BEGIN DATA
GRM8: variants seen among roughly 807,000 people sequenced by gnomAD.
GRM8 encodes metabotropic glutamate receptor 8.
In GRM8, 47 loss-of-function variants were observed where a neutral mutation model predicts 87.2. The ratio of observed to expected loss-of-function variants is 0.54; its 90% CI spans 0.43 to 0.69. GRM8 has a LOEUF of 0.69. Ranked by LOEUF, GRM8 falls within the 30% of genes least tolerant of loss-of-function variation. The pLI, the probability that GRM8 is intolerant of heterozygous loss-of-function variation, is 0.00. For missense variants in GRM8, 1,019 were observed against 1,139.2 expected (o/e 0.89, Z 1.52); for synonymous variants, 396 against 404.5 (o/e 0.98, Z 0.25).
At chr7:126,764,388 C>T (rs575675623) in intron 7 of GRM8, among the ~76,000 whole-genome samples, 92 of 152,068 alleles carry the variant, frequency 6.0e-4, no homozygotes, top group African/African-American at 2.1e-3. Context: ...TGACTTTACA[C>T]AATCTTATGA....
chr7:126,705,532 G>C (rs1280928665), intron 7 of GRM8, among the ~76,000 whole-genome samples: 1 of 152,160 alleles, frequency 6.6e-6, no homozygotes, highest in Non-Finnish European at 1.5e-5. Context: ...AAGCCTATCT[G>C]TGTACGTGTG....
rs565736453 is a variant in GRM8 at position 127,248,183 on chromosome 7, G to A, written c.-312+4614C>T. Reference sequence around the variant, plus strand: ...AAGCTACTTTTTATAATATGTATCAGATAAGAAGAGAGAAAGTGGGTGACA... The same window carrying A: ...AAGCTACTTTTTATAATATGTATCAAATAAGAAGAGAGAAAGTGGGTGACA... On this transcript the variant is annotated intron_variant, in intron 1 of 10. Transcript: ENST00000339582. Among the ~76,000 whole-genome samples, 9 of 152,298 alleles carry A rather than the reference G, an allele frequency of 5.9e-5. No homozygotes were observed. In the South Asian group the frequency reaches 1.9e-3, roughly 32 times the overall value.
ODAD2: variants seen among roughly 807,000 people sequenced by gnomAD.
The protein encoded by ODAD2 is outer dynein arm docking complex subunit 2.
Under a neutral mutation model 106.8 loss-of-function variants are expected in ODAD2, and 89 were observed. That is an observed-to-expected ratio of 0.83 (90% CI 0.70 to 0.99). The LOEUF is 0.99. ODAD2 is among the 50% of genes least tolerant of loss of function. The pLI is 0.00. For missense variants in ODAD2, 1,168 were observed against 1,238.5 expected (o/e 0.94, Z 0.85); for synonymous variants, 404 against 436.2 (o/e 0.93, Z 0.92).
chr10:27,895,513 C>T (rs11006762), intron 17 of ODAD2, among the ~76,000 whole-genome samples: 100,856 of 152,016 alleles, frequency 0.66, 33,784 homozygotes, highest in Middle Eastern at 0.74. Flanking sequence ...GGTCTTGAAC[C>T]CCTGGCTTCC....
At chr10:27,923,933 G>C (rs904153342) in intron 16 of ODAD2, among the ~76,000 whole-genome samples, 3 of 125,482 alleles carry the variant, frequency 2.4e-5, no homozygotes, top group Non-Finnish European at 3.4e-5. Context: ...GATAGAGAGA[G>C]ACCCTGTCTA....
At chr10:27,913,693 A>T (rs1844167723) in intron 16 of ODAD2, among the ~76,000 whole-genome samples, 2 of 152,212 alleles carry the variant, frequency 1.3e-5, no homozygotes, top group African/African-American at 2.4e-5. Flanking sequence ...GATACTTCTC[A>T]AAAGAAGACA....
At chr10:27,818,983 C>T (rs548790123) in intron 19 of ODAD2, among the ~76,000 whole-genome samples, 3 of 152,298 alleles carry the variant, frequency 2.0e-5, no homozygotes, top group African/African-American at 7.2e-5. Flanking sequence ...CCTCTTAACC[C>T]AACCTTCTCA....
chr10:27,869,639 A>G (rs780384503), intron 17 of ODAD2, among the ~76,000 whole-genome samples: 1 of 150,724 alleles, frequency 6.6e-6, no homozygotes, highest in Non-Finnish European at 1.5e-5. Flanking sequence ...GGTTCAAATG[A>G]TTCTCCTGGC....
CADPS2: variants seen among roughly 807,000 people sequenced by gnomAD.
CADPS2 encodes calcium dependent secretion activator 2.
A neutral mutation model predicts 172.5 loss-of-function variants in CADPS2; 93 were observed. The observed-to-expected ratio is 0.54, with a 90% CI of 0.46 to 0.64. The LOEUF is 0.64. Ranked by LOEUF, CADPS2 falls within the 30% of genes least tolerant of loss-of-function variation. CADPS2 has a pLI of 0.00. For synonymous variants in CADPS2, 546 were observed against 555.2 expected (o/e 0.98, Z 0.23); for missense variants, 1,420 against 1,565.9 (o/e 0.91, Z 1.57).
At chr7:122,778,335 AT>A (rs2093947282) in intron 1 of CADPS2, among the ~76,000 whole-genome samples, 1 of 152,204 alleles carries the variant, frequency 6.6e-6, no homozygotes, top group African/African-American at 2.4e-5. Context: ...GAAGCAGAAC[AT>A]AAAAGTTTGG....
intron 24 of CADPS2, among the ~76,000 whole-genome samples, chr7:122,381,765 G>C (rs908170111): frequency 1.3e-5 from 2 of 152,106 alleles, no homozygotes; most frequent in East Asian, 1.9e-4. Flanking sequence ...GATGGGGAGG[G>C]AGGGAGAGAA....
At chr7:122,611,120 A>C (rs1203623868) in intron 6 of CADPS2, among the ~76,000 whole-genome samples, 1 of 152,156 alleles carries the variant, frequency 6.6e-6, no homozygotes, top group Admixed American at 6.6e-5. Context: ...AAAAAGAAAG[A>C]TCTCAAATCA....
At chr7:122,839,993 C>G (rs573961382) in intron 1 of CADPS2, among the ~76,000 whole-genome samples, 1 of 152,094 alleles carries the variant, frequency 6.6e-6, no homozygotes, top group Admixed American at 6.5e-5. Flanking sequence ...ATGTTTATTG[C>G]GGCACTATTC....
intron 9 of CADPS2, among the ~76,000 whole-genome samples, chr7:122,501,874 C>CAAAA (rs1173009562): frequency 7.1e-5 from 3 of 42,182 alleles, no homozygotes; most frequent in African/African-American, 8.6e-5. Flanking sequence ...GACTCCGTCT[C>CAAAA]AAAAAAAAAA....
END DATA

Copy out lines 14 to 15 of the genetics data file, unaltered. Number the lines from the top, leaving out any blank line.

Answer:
chr10:27,869,639 A>G (rs780384503), intron 17 of ODAD2, among the ~76,000 whole-genome samples: 1 of 150,724 alleles, frequency 6.6e-6, no homozygotes, highest in Non-Finnish European at 1.5e-5. Flanking sequence ...GGTTCAAATG[A>G]TTCTCCTGGC....
CADPS2: variants seen among roughly 807,000 people sequenced by gnomAD.